old city wall

I came across this very nice park just outside of the south gate. I spent some time to rest and watch dozens of pigeons waiting to be fed by the tourists. Now that I’m out and about in town, I have noticed that this place is a LOT more touristy than I first realized. I didn’t feel as self-conscious walking around with a map in my hand.

Buak Haad Park

Around every corner is a temple, it seems (like Starbucks, which is also in every corner over here). What interested me the most are the tips of these structures … they are so unique and so specific in their design. I entered the first few temples during the walk. As in mosques, I had to take off my shoes in respect and perhaps to keep the floor clean. I saw many monks (as young as 12 years old) in different stages of bowing, praying, chanting, and cleaning the temple. I stopped going into the temples because they tended to all look the same after a while.

temple tip

There was this big mall area that has western restaurants, shopping, arcades, food court, and a cinema. I spent a couple of hours here but did not buy anything; alas, if I did, I’ll have to spend even more money if my luggage were overweight! I was content to browse in the bookstores which made me just as happy.

the mall

What I could spend money on is food. By far, my favorite is the mango with sticky rice. I’ve eaten this quite a few times already on this trip. I would make this myself but they put coconut milk and some ground peanuts that will be hard to recreate. I will miss snacking on these.

mango with sticky rice

My dinner finale before I leave Chiang Mai: Green Curry Chicken.

green curry chicken rice

Common Sights

Saturday, February 12th, 2011

There are things that I keep seeing as I walk the streets of Chiang Mai. I’m willing to bet that other tourists notice the same things. For instance, there are at least a couple of rivers that wind throughout the city and one can see water at every turn. The Thai love their fountains. There also seems to be one every few feet (though there’s none on this picture).

typical street along the river

Another common sight are shrines. Since Buddhism and Hinduism are major religions here, there is a little shrine on every block. This is not including the shrines inside stores and houses. Some have food offerings like in this picture.

street shrines

Who can ignore the massage parlors? They’re even cheaper here than in China. I kept wanting to get one (at least a foot massage) but I’d feel too restless sitting when I could be walking around. I’m okay without it.

massage parlors

It’s interesting to note that Fish Spas have become a big hit here. There’s literally one on every corner! Most tourists are intrigued and fall for it (part of their Thai experience, I guess). The tanks are out in public for everyone to see. I actually did this in China almost three years ago and I can bet that no one goes a second time. Besides the ticklish feeling, I highly doubt the little suctions of these guppies do much to scrape away dead skin cells, much less have any medicinal benefit (as they claim). In my opinion, it’s a fad that will quickly fade away.

fish spas

Mexican in Thailand

Friday, February 11th, 2011

Another day of meetings and workshops … didn’t have much time for anything else. For dinner, I was invited by this family to their favorite Mexican food in Thailand called Miguel’s. I am not a big fan of Mexican food but this one was actually pretty good. I got myself some chicken taquitos and enjoyed it. Another family joined us and it was good to get to know them during the meal.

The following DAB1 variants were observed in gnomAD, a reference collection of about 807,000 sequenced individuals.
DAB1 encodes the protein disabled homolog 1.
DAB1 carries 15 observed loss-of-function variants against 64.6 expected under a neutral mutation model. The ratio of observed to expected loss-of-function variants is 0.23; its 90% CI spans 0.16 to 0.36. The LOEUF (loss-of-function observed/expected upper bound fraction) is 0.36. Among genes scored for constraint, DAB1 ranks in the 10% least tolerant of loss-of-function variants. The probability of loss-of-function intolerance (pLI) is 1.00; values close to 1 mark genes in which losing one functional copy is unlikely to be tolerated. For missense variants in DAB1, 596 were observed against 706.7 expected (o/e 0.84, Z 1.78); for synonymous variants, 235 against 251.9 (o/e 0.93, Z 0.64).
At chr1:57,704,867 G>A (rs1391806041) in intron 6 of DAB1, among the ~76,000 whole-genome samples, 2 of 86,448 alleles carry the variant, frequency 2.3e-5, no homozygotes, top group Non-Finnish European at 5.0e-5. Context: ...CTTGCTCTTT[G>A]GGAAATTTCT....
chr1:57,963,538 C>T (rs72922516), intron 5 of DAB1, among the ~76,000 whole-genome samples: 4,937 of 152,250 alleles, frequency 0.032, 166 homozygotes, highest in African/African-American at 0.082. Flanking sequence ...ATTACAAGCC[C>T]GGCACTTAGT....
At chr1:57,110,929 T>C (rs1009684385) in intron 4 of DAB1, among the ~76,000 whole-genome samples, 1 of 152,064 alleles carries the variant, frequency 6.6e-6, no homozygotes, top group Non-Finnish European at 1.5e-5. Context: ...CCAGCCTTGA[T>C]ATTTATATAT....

I would recommend this restaurant to anyone who is looking for authentic Mexican food in Chiang Mai. I found an ad for Miguel’s Cafe online. It’s the exact table where we sat tonight:

Miguel's Cafe

Belated Birthday Bash

Thursday, February 10th, 2011

My teammates gave me a belated birthday celebration. After a day of meetings and workshops, we finally had time to go out to town and enjoy a nice dinner. Though I would have been happy with Thai food, the consensus was Italian food for tonight. It was good to catch up with each other since we hadn’t seen each other for a few weeks.

I ordered the most unusual food I could find on the menu: black fettuccine. It came highly recommended by some people so I took the risk. The black color did not look appealing but the taste was alright. It tasted like the ink that comes out of squid (and I love squid). It was a little spicy but it was not that bad. It helped that there were shrimps on it. I couldn’t help but to put heaps of parmesan cheese, though.

black fettucine


Wednesday, February 9th, 2011

Maybe it’s because I grew up in Southeast Asia but there’s something about being in Thailand that feels very familiar. The tropical weather, people’s warmth, and the general setting of stores, streets, and shops remind me of the Philippines. Moreover, the smell of Thai food seems to hang in the air and whets my natural appetite.

When I’m in China, I know enough Chinese to get around, even hold basic conversation. When I was in Turkey and Greece, I was with a group and there were enough people who spoke English that I did not have too much trouble with getting what I needed. Today, I had my first encounter with culture shock. I tried to go downtown using public transportation and realized that I know nothing of the Thai language, not even the numbers. For the first time in a very long time, I resorted to sign language, motioning, and even grunting. It did not feel very good.

The most common (and least expensive) transportation around here is the “song tau” (that’s how it’s pronounced in Thai). It is like the jeepneys in Manila, only they are not as well-decorated and every single one is colored red. Unlike the ones in Manila, they do not have a definite route but go where their passengers ask them to go.

song tau

I flagged at least two of them but I had such difficulty communicating that I could not tell them where I needed to go (much less bargain the price down). I had a piece of paper with the name of the place but they did not understand me. Finally, this seamstress on the sidewalk (who was clearly a lady boy, by the way) had compassion on me and helped me get a tuk-tuk. He/She talked to the driver and gave him directions. She also got me the local price for the fare. Later, I found out that I was charged for half the price they usually ask most foreigners.


The food here is so good that I’ll be blogging about what I eat for every day that I’m here. Tonight: Pad Thai.

shrimp pad thai